I bought Reading God's Story the day it released this November. I'd been anticipating its release since the summer. And I mean anticipating. (Buying a new Bible makes me giddy.) I started using it immediately. If I'd been a more patient person, perhaps, I might have seen the logic in waiting until January 1. Since this is a daily Bible. (Though NOT DATED). The readings are divided into weeks and days. 52 weeks for the entire Bible, six readings per week. But I just couldn't wait.
I love many, many, many things about Reading God's Story. But I'll try to pick a few to highlight for you.
It is divided into acts and scenes. Each act and scene are introduced. These serve as a way of understanding, comprehending the big picture.
- Act 1, Scene 1: Creation: The God of All of Life
- Act 1, Scene 2: The Fall: Rejecting God's Vision for Life
- Act 1, Scene 3: The Flood: God Judges and Makes a Covenant to Preserve Life
- Act 2, Scene 1: The People: God Calls a Covenant People
- Act 2, Scene 2: Deliverance: God Rescues His People
- Act 2, Scene 3: The Sinai Covenant and Law: God Embraces and Instructs His People
- Act 2, Scene 4: The Land: God's Place for His People
- Act 2, Scene 5: Kings and Prophets: God Shapes a Kingdom People
- Act 2, Scene 6: Kings and Prophets: God Divides the Kingdom People
- Act 2, Scene 7: Kings and Prophets: The Southern Kingdom as God's People
- Act 2, Scene 8: Exile: God Disciplines His People
- Act 2, Scene 9: Return: God Delivers His People Again
- Act 3, Scene 1: Christ's Coming: God's True King Arrives
- Act 3, Scene 2: Christ's Ministry: God's True King Manifests His Kingdom
- Act 3, Scene 3: Christ's Deliverance of His People: God's Work Through the Death, Resurrection, and Enthronement of the King
- Act 3, Scene 4: Christ's Church: God's People Advance the Kingdom
- Act 3, Scene 5: Christ's Second Coming and Reign: God's Future for the Kingdom
The readings are chronological. That may not seem all that helpful when you're in the books of Moses (Genesis, Exodus, Leviticus, Numbers, Deuteronomy), but once you really get started, it's very helpful having 1 Samuel, 2 Samuel, 1 Kings, 2 Kings--not to mention ALL those prophets--integrated with 1 and 2 Chronicles. You'll be able to read the prophets at the the historical place they were prophesying to Judah (or Israel, etc). And all of the stories about the kings will be together. The New Testament is also arranged differently. (If you've never looked at a chronological Bible you might just be surprised at how different it is.)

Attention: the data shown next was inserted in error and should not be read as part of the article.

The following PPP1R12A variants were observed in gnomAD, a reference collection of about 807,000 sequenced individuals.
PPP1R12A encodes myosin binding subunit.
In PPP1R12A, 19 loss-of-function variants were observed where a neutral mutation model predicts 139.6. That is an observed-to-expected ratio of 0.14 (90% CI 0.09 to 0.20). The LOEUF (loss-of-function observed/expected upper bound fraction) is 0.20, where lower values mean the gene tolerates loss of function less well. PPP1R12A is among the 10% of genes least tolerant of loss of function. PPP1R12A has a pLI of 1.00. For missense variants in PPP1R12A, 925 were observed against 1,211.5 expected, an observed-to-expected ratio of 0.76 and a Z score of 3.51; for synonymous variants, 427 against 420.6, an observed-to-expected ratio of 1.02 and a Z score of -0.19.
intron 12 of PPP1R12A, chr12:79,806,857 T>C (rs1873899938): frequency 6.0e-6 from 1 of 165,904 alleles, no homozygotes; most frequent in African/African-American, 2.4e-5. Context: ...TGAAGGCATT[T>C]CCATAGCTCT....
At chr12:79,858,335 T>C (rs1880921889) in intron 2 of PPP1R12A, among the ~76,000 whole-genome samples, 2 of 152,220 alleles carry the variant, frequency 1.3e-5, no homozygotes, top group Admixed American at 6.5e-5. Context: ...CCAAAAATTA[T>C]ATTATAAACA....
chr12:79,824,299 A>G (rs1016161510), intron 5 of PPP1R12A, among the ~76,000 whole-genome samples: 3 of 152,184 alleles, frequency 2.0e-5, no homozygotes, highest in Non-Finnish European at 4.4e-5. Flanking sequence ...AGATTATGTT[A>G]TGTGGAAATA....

Each day's readings are clearly marked. But they're not dated. You can read at your own comfortable-to-you pace. If you do follow the Bible's reading plan, you'll finish in a year. But it doesn't have to be that strict. I don't know about you, but dated reading plans can intimidate me. Reading "January 25" in February or March, etc., it's hard to not feel guilty or disappointed.
2011 is the first year I read the Holman Christian Standard Bible. And I am a little surprised at just how much I do like it. But it's a good translation, and I'm happy to have it in this chronological Bible. Before buying this Bible--weeks before, actually--I read the New Testament in this translation. I then made it a goal to read the Old Testament in Reading God's Story. I plan to read the New Testament in Reading God's Story at some point next year. (Maybe even for my Read-the-New-Testament-in-a-Week event the first week of April!)
© Becky Laney of Operation Actually Read Bible